Levels is the one limitation of the Pimsleur method. I tried studying Indonesian with Pimsleur (actually while I was on set in Durango) but the only course available is the 10-lesson "compact" course. You can do very little with just ten lessons. Standard Pimsleur levels contain 30 lessons. Only level one of Persian has been released (perhaps for the armed forces and U.S. corporations working in Iran?) which is fine if you want to learn enough to travel with, but not if you really want a conversation. Fortunately, two levels of Hebrew are available so I should have a decent foundation on which to build once I've completed that course. Italian, Spanish and Japanese are languages in high demand so three or four levels are available for each of these languages.

When contemplating learning additional languages from the Pimsleur library, I now check to see how many levels are available. My minimum requirement is two levels. Other languages that I'm considering include Korean, Russian and Arabic with emphasis on the word "considering".

For those people more dedicated then myself, most of the Pimsleur courses also contain reading exercises. I haven't used them yet. I'm too lazy. Maybe one day...

Oh, and one more thing. My biggest challenge in learning these languages? Rolling r's, used extensively in Spanish and Italian.

over 11 years ago 0 likes  1 comments  0 shares
Mariejost 26 dsc00460
I did Pimsleur for Cantonese, but they only have Level 1 and have no plans to release any more. So now, after I mastered that course, I had to move on to something else. I have found the old US Foreign Service Institute (the people that used to teach languages to folks stationed overseas with the diplomatic corps) course on line, for free. It is not like Pimsleur (it was put together in 1970 and was designed to be an intensive 5 month course that met 5 days a week and had a live native speaker prof), but the grammar explanations are priceless. It just takes forever to get through each chapter (45-55 new vocabulary words for each chapter and about 5-8 new grammar concepts, not to mention audio exercises and a dialog (my least favorite part)). But it isn't Pimsleur, there isn't that emphasis on speaking fluently that Pimsleur has. I guess if I really want to learn to speak Canto, I'll have to spent 6 months doing an immersion course in HK. This is not in my future :-( (unless, of course, I win big in the lottery). My advice for learning Spanish would be to concentrate on it exclusively. There are also tons of Latin American soap operas on satellite TV and on DVD. I gained most of my fluency with Spanish, after the beginning level, through watching the soaps concurrently with studying grammar and vocabulary. I got to the point where I could even write decent Spanish and could converse with anyone anywhere. I even ended up using it extensively at work for a while, when we had a number of Spanish-speaking clients. Someday I hope to have that degree of fluency in Canto and to pick up Mandarin and reading and writing Chinese. This is the long term goal, the 10 yr plan.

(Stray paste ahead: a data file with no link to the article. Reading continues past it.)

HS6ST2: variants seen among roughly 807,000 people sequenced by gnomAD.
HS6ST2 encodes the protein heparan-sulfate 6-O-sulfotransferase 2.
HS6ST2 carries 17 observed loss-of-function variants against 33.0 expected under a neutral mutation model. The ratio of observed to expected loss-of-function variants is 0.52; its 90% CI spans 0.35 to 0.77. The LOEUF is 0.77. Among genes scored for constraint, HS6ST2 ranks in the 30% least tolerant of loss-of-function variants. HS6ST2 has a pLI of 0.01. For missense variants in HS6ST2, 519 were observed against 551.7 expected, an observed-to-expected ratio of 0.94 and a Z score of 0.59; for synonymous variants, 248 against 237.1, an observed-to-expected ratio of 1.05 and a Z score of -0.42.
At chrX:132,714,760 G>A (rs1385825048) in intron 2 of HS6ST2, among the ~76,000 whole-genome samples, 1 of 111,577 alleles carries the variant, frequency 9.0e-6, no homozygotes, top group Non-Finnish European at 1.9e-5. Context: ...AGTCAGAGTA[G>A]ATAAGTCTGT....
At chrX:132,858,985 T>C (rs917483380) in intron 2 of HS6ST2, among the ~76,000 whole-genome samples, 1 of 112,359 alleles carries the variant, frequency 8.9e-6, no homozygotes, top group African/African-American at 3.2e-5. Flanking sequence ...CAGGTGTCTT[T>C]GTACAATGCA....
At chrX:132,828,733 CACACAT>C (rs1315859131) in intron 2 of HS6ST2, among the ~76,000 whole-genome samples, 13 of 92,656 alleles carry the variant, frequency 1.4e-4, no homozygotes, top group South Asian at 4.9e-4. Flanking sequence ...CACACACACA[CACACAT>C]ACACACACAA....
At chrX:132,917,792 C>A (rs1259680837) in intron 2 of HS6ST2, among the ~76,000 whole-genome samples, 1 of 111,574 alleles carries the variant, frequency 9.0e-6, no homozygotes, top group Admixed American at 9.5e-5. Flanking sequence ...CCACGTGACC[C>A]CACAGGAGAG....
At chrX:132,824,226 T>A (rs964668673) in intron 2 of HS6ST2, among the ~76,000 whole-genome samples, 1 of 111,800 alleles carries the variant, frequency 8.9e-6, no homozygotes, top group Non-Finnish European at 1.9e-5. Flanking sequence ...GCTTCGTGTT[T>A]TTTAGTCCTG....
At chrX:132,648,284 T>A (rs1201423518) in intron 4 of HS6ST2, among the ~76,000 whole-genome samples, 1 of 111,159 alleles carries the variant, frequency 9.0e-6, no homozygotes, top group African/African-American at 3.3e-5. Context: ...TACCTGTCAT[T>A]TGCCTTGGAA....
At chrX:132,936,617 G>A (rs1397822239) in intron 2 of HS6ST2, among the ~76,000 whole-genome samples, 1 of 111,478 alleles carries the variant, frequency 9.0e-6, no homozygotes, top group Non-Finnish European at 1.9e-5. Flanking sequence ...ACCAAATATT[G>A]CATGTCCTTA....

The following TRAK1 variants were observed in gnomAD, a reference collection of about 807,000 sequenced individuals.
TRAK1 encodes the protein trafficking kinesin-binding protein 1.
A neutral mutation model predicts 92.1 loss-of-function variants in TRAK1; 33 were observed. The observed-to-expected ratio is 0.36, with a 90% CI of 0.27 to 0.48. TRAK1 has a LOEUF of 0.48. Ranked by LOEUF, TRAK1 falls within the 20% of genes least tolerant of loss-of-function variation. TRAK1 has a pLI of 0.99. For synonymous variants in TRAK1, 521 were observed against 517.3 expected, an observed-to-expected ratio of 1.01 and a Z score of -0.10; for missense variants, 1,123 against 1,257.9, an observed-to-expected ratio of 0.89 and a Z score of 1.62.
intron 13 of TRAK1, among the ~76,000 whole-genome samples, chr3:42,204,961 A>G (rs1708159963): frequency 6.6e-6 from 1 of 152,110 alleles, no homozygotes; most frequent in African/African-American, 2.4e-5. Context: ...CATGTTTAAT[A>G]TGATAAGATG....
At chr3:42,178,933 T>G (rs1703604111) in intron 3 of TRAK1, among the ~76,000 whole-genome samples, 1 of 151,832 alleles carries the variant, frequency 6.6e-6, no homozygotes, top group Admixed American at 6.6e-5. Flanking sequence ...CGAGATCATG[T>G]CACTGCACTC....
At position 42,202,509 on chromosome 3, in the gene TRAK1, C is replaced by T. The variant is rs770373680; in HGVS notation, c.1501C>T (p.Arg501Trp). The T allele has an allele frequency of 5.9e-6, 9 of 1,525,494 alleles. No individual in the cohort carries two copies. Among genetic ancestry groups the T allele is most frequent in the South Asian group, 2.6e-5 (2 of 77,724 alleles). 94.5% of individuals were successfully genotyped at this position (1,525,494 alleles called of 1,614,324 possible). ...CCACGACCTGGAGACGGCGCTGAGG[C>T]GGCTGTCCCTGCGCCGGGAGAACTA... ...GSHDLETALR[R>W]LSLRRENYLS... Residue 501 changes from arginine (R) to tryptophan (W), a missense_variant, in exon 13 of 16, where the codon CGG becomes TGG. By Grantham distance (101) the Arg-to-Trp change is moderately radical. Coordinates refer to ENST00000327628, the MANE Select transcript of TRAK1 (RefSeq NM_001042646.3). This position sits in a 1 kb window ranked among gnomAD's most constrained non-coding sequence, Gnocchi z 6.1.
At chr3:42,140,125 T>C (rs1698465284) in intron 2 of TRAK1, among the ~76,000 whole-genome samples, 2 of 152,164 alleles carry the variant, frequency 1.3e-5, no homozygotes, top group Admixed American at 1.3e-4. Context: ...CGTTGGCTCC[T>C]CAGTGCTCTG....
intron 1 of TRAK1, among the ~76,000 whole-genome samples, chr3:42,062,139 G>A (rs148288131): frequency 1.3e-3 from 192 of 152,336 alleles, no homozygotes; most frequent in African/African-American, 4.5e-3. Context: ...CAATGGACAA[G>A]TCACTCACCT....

over 11 years ago


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Languages Spoken
english, cantonese, mandarin
Location (City, Country)
Hong Kong
Member Since
July 18, 2008